Part of the problem for planning for the future using the same processes and protocols we have used for change in the past, is that the pace of technological change can be faster than the pace of change. For example just as we get round to the idea of students using their laptops in lectures and thinking we should therefore equip lecture theatres with power sockets and overcome the challenges put in place by over zealous health and safety officers with learners using their own devices within an institution. We find that the devices our learners are now using and will be using have batteries that allow the device to be used all day without needing to be charged up. The new power sockets are now redundant before they have been used.

The same can be said with connectivity, a single wireless router was probably more than ample where there were a small number of devices using small amounts of bandwidth. Now with students having multiple devices and accessing a range of high bandwidth content, wireless networks need to be robust, scalable and capable of handling large numbers of devices and provide sufficient bandwidth. Look in your own pockets and bags, how many wireless devices do you have?

The question that we do need to ask is are we using technology to extend and improve an existing process, or can we use technology to radically change processes? Expectations are that we can use technology to lever radical change in education. This has never happened before, it would be surprising if it happened now. A simple example, when the internet had limited bandwidth, it wasn’t possible to use video or even audio across the web, so people resorted to textual communication. Bulletin boards, usenet and discussions forums allowed asynchronous conversations. The depth of discussion and learning that can take place with such tools certainly outweighed the disadvantages of textual conversations. However these were challenging tools for learning as it required a change in thinking and culture. Many academics and learners found them difficult to use and challenging to change the way in which they delivered learning. As bandwidth improved and new synchronous tools arrived, we have seen how virtual classroom and webinar tools allow for live teaching. These tools have proved popular with academics and learners alike. We have to question why is this, part of the reason has to be that webinar tools are digitising a traditional lesson or lecture format. Academics and learners are comfortable with this format, so a virtual version is easy to grasp and understand. This affinity with traditional approaches, means when given a choice, they will choose a virtual version of something they understand rather than try a different possibly better process. It is this aversion to the new and preference for the comfortable means that radical change is highly unlikely.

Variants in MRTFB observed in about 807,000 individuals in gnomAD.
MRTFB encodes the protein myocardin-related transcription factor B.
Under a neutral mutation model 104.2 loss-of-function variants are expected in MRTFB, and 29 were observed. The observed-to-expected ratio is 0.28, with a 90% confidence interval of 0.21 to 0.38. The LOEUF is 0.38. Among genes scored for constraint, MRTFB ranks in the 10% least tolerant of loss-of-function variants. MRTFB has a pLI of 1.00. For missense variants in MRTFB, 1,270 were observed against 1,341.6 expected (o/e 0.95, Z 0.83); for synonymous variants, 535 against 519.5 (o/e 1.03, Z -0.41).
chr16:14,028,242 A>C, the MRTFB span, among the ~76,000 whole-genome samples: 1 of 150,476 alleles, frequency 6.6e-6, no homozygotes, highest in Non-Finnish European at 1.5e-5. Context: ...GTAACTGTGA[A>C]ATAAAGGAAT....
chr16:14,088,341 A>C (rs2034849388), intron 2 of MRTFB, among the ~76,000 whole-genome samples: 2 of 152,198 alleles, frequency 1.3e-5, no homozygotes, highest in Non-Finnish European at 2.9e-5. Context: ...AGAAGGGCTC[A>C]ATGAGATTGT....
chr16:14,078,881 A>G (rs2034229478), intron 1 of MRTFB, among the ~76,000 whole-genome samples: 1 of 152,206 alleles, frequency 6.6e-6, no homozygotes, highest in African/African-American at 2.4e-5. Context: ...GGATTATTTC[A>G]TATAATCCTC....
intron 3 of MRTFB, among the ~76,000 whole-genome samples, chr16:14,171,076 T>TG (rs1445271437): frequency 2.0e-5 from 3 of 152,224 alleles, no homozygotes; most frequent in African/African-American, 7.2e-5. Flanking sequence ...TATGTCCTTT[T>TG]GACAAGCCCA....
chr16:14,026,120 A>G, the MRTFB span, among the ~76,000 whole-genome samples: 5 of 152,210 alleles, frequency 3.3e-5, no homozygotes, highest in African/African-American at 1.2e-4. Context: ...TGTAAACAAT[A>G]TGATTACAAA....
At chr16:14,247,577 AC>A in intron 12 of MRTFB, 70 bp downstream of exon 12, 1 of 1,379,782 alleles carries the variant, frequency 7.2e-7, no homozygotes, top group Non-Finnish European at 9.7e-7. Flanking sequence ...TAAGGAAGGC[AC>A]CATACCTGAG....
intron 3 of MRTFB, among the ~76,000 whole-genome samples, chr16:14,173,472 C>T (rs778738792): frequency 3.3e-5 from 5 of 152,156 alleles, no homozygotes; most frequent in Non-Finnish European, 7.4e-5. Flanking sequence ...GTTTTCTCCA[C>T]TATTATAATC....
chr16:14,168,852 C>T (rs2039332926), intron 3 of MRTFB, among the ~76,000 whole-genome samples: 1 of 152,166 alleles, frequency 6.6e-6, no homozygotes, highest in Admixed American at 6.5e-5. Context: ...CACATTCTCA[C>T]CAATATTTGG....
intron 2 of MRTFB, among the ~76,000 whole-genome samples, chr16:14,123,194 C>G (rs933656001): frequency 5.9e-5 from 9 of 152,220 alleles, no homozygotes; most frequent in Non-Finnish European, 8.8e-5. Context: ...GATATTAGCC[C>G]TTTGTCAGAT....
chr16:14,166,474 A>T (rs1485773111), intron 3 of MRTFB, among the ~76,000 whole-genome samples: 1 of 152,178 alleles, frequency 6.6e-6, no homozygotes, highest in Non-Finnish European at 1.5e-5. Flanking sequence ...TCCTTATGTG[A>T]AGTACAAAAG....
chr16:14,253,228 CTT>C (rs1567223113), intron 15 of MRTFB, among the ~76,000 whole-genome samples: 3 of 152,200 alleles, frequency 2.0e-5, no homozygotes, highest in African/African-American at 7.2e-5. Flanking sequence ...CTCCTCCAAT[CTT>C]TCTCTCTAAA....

Cynicism and resistance to technological change in education has been part of education as long as people have tried to introduce new technologies. Paper was seen as wasteful and extravagant when it replaced slates. Pen and ink was an expensive luxury and shouldn’t be used by education. Likewise there was widespread resistance to the introduction of calculators. Some of today’s academics are cynical and resistant to the use of the web and mobile devices, just as their predecessors were to the new technologies of their time. Some academics are not, just as some of their predecessors, they embrace and see the opportunities that new technologies bring to learning.

Changing technologies is only one factor that impacts and affects education, a look at the newspapers and news websites, as well as glancing at Twitter will show how changes in policy and funding can have a much greater impact than a change in technology.

Change is happening, and the one constant in life is change, but it is happening very slowly. One thing is certain though, things change and academics and institutions that see change as an opportunity and a challenge will probably thrive better than those that ignore or encounter resistance to change.

Scared of the Screens

brokentech

This is an interesting article on the response to recent media reports on the negative impact of screens on young people and how the art of conversation is been lost.

Reading the article I was reminded of this cartoon from XKCD about the pace of modern life.

There are lots of gems in the “cartoon” including this one from 1890

Conversation is said to be a lost art … Good talk presupposes leisure, both for preparation and enjoyment. The age of leisure is dead, and the art of conversation is dying.

Frank Leslie’s popular Monthly, Volume 29 1890

and this comment from 1905

The art of conversation is almost a lost one. People talk as they ride bicycles–at a rush–without pausing to consider their surroundings … what has been generally understood as cultured society is rapidly deteriorating into baseness and voluntary ignorance. The profession of letters is so little understood, and so far from being seriously appreciated, that … Newspapers are full, not of thoughtful honestly expressed public opinion on the affairs of the nation, but of vapid personalities interesting to none save gossips and busy bodies.